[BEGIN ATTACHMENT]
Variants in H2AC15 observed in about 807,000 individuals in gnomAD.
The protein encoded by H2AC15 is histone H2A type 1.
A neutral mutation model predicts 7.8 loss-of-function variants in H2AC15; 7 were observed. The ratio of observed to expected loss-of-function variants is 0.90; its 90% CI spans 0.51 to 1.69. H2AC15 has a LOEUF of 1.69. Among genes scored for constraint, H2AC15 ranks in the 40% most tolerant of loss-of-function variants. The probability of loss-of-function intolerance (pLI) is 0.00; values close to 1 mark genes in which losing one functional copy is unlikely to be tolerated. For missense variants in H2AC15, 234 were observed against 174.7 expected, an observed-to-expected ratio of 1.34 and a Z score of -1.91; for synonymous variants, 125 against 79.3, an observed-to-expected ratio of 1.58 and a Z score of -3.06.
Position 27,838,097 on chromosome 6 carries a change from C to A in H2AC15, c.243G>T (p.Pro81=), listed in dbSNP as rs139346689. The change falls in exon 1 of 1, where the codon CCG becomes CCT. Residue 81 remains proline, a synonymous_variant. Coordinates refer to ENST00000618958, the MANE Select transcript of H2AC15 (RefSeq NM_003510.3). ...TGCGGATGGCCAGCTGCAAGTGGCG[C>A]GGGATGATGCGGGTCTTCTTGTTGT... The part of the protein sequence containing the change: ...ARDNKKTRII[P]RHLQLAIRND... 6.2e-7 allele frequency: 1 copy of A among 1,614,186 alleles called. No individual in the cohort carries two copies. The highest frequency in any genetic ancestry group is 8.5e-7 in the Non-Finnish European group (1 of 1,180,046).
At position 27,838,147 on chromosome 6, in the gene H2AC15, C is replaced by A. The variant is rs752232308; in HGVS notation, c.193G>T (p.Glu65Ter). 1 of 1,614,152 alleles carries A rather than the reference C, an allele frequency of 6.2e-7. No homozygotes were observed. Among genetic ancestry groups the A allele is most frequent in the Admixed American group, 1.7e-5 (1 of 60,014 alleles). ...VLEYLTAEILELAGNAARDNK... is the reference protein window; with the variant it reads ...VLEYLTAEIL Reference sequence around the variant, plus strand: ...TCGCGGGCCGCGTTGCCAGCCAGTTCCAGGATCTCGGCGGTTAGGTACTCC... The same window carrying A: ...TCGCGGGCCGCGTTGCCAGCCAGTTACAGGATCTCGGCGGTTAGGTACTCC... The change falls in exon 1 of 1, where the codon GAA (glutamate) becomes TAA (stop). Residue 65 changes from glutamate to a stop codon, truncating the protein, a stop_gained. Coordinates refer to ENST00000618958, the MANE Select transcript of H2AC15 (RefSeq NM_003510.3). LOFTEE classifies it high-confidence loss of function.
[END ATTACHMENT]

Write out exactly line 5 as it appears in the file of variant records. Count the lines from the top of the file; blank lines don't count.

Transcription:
At position 27,838,147 on chromosome 6, in the gene H2AC15, C is replaced by A. The variant is rs752232308; in HGVS notation, c.193G>T (p.Glu65Ter). 1 of 1,614,152 alleles carries A rather than the reference C, an allele frequency of 6.2e-7. No homozygotes were observed. Among genetic ancestry groups the A allele is most frequent in the Admixed American group, 1.7e-5 (1 of 60,014 alleles). ...VLEYLTAEILELAGNAARDNK... is the reference protein window; with the variant it reads ...VLEYLTAEIL Reference sequence around the variant, plus strand: ...TCGCGGGCCGCGTTGCCAGCCAGTTCCAGGATCTCGGCGGTTAGGTACTCC... The same window carrying A: ...TCGCGGGCCGCGTTGCCAGCCAGTTACAGGATCTCGGCGGTTAGGTACTCC... The change falls in exon 1 of 1, where the codon GAA (glutamate) becomes TAA (stop). Residue 65 changes from glutamate to a stop codon, truncating the protein, a stop_gained. Coordinates refer to ENST00000618958, the MANE Select transcript of H2AC15 (RefSeq NM_003510.3). LOFTEE classifies it high-confidence loss of function.